not sure if i'm using the right forum, apologies if so.
i travel a lot and am thinking of purchasing a PDA with a wireless keyboard for producing my work when i'm away from home. I use my laptop at home but it's not something i like taking with me on my travels. A small PDA and fold-away keyboard seem much more practical.
I'm curious to know if anyone has used a PDA + keyboard and how they got on with it. The only downside I could foresee would be the small screen, but then again i'm one of those typers who cannot look at the screen and type at the same time.
August 16th, 2005, 06:50 PM
Are you sure you want to stick to something pocket-sized? Checkout Alphasmart's Dana (http://www2.alphasmart.com/).
One day it will be mine, oh yes. One day.
My eBookman doesn't hook up to a keyboard, so I go to my Hipster (http://www.43folders.com/2004/09/introducing_the.html) for that. But I would love to be able to pull out a pda and a keyboard and start typing no matter where I was - but I'd want one with an mmc slot for portable storage.
My own opinion, whatever it takes to get those words out of you, go for it!
August 17th, 2005, 04:22 AM
An interesting compromise:
August 17th, 2005, 09:39 AM
Of course, you don't have to go the electronic route. I do most of my rough draft on small vertical flip notebooks, the sort you get in an office supply store. 50 pages each, can buy a pack of 10 for a few bucks, put a number on the front to keep them in order. Carry a couple wherever you go. Nice thing about it is that the underside of each page will be blank so you can write reminders or details or do some scene sketching.
The downside is that you have to transcribe the writing into the computer, but this isn't a big deal if you type fast and have a bunch of downloaded music, like me. My creative writing professor in college, who was big on voice and tone and the sound of language, swore that writing by longhand worked better on these accounts than by typewriter/computer.
August 17th, 2005, 09:39 AM
I get quite a lot done on my PALM Pilot while commuting. I use the built-in GRAFFITI writing recognition tool, and I've got pretty proficient with it. I can write about 500 words an hour on it, then download and edit when I get home.
There is a keyboard available, but then I;d have to find somewhere to rest it.... the good thing about the PDA and GRAFFITI is I can write even while standing up in a busy train
August 28th, 2005, 12:37 PM
I use a pocket pc for taking notes, but for writing it would be an incredibly large hassle... for that I use my tablet pc ;)
August 28th, 2005, 05:53 PM
not sure if i'm using the right forum, apologies if so. Sure you are. :)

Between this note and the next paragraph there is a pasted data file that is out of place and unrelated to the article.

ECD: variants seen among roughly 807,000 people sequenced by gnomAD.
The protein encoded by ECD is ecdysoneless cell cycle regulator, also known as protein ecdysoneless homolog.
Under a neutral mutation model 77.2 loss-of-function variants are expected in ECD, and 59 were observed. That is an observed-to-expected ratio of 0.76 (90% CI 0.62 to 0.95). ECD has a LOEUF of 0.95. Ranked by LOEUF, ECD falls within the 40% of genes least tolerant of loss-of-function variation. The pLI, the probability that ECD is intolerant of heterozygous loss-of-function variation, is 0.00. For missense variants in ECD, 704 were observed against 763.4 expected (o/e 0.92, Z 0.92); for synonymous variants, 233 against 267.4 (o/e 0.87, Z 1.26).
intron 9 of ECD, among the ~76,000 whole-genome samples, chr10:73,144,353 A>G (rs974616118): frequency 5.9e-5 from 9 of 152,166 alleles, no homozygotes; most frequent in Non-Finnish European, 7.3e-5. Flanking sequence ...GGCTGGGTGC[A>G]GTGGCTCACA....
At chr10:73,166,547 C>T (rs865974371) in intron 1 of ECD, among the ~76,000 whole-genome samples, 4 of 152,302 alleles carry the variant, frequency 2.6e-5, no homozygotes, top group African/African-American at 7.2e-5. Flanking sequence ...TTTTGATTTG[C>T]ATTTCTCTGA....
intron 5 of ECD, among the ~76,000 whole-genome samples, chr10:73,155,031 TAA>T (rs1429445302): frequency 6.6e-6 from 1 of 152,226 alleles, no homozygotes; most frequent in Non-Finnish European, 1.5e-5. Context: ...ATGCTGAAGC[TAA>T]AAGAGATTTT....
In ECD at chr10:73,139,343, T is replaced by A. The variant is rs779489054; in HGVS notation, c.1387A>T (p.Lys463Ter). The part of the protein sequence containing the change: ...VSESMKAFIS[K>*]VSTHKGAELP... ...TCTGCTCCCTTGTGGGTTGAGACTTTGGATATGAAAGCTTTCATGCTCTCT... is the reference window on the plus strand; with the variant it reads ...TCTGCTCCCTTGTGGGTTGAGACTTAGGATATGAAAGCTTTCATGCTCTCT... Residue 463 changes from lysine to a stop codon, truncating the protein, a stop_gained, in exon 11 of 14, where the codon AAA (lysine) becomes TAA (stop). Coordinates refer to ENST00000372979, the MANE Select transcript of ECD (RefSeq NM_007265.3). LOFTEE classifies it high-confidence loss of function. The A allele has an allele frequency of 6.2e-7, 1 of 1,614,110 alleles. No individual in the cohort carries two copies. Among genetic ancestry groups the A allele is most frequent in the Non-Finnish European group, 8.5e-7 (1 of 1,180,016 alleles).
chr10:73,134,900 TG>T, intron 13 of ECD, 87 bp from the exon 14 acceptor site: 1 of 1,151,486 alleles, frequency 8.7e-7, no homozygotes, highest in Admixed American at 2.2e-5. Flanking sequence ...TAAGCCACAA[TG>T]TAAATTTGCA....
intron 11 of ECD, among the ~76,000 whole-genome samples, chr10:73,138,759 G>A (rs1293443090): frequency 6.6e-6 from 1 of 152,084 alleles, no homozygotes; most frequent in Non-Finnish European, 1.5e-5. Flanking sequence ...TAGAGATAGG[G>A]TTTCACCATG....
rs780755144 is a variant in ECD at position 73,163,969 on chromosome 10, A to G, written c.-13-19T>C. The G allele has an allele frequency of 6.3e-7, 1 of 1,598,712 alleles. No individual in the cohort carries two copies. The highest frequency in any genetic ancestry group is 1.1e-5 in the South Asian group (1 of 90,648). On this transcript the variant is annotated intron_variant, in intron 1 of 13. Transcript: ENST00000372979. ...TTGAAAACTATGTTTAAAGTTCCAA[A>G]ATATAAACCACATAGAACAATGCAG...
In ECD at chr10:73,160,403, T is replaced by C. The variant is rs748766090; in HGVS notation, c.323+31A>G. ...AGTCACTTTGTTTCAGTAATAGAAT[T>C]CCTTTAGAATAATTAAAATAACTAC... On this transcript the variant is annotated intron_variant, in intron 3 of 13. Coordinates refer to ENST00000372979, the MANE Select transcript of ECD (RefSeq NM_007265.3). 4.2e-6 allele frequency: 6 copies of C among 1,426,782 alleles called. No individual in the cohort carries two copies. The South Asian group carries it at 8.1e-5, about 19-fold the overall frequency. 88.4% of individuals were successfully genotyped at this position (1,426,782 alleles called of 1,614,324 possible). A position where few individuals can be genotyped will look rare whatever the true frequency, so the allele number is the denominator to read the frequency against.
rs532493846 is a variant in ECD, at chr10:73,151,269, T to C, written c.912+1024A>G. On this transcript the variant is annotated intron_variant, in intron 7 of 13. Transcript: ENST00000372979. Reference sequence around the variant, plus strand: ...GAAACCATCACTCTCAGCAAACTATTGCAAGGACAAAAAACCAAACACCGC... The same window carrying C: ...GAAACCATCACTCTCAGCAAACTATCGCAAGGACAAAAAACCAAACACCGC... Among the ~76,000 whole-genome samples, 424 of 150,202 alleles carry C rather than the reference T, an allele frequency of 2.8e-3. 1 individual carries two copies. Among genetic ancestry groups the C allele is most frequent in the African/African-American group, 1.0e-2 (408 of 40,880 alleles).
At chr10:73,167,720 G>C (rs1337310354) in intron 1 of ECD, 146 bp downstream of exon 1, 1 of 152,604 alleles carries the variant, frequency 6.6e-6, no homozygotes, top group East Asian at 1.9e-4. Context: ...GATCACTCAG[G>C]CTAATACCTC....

I use a Pocket PC and foldable keyboard, and it's wonderful on trips. The whole thing fits in my little purse. You could fit in in a jacket pocket, too. It's easy to recharge, and the large battery lasts for like 4-5 hours. It takes the same memory cards that digital cameras use. Very, very practical for writing on airplanes.
However, I've found that there's a little bit of lag-time when typing. It's like a split-second hesitation before my words appear on-screen. Still, I think the portability makes up for the lag.
Also, there are sometimes problems transferring Word .docs. I haven't lost information, but the Pocket PC converts .docs to its own weird format, and then converts it back when transferring to a "big" computer. Sometimes (for unknown reasons) it locks a file into Read Only mode.
September 9th, 2005, 03:14 AM
I write a great deal of my reviews and articles on my Clie, and I've done large chunks of my current novel on it, as well.
One thing I will warn about, and it's just a personal opinion: be careful of using this if you don't have your basics pretty well down. If you write sloppy and then let WORD or whichever software you use clean it up you'll be editing the hard copy for fifteen years.
Since my background was English Lit rather than a more communication-based education I don't have a long wait on spellcheck and I don't bother with grammar check (just catch my errors on final edit). But a lot of writers (many of them quite good writers, btw) come from backgrounds that focus on content and clean up later. (When I was an editor I could always tell which of my writers majored in English and which majored in either Communications or Journalism.)
Just something to mull over. Some of the newer, more expensive models have versions of WORD or WP on them that are virtually identical to the one on your PC. If you can afford one of those ignore the entire post. :)